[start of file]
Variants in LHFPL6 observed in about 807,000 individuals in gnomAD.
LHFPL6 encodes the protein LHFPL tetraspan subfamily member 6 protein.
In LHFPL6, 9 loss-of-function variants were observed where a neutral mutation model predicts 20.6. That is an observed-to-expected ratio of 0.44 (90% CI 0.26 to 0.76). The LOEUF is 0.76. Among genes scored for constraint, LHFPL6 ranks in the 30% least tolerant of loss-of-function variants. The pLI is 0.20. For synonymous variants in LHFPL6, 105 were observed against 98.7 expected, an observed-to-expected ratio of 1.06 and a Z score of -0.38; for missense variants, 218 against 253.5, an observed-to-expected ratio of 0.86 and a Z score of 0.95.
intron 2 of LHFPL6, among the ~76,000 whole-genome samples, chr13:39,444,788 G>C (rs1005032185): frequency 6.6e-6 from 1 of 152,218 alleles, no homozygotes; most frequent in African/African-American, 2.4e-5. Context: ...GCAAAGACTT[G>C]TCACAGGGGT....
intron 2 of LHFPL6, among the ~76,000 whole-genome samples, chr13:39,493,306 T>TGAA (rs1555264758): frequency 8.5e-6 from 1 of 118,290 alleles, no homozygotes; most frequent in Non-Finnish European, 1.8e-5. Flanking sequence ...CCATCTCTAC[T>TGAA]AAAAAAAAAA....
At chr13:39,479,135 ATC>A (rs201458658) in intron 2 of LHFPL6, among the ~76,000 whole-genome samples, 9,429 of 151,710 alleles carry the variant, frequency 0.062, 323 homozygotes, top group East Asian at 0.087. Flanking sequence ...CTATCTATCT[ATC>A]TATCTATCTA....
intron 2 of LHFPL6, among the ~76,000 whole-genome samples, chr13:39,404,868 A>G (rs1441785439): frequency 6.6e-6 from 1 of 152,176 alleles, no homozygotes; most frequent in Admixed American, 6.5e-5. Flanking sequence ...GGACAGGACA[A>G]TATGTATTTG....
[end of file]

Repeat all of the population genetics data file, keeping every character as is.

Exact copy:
Variants in LHFPL6 observed in about 807,000 individuals in gnomAD.
LHFPL6 encodes the protein LHFPL tetraspan subfamily member 6 protein.
In LHFPL6, 9 loss-of-function variants were observed where a neutral mutation model predicts 20.6. That is an observed-to-expected ratio of 0.44 (90% CI 0.26 to 0.76). The LOEUF is 0.76. Among genes scored for constraint, LHFPL6 ranks in the 30% least tolerant of loss-of-function variants. The pLI is 0.20. For synonymous variants in LHFPL6, 105 were observed against 98.7 expected, an observed-to-expected ratio of 1.06 and a Z score of -0.38; for missense variants, 218 against 253.5, an observed-to-expected ratio of 0.86 and a Z score of 0.95.
intron 2 of LHFPL6, among the ~76,000 whole-genome samples, chr13:39,444,788 G>C (rs1005032185): frequency 6.6e-6 from 1 of 152,218 alleles, no homozygotes; most frequent in African/African-American, 2.4e-5. Context: ...GCAAAGACTT[G>C]TCACAGGGGT....
intron 2 of LHFPL6, among the ~76,000 whole-genome samples, chr13:39,493,306 T>TGAA (rs1555264758): frequency 8.5e-6 from 1 of 118,290 alleles, no homozygotes; most frequent in Non-Finnish European, 1.8e-5. Flanking sequence ...CCATCTCTAC[T>TGAA]AAAAAAAAAA....
At chr13:39,479,135 ATC>A (rs201458658) in intron 2 of LHFPL6, among the ~76,000 whole-genome samples, 9,429 of 151,710 alleles carry the variant, frequency 0.062, 323 homozygotes, top group East Asian at 0.087. Flanking sequence ...CTATCTATCT[ATC>A]TATCTATCTA....
intron 2 of LHFPL6, among the ~76,000 whole-genome samples, chr13:39,404,868 A>G (rs1441785439): frequency 6.6e-6 from 1 of 152,176 alleles, no homozygotes; most frequent in Admixed American, 6.5e-5. Flanking sequence ...GGACAGGACA[A>G]TATGTATTTG....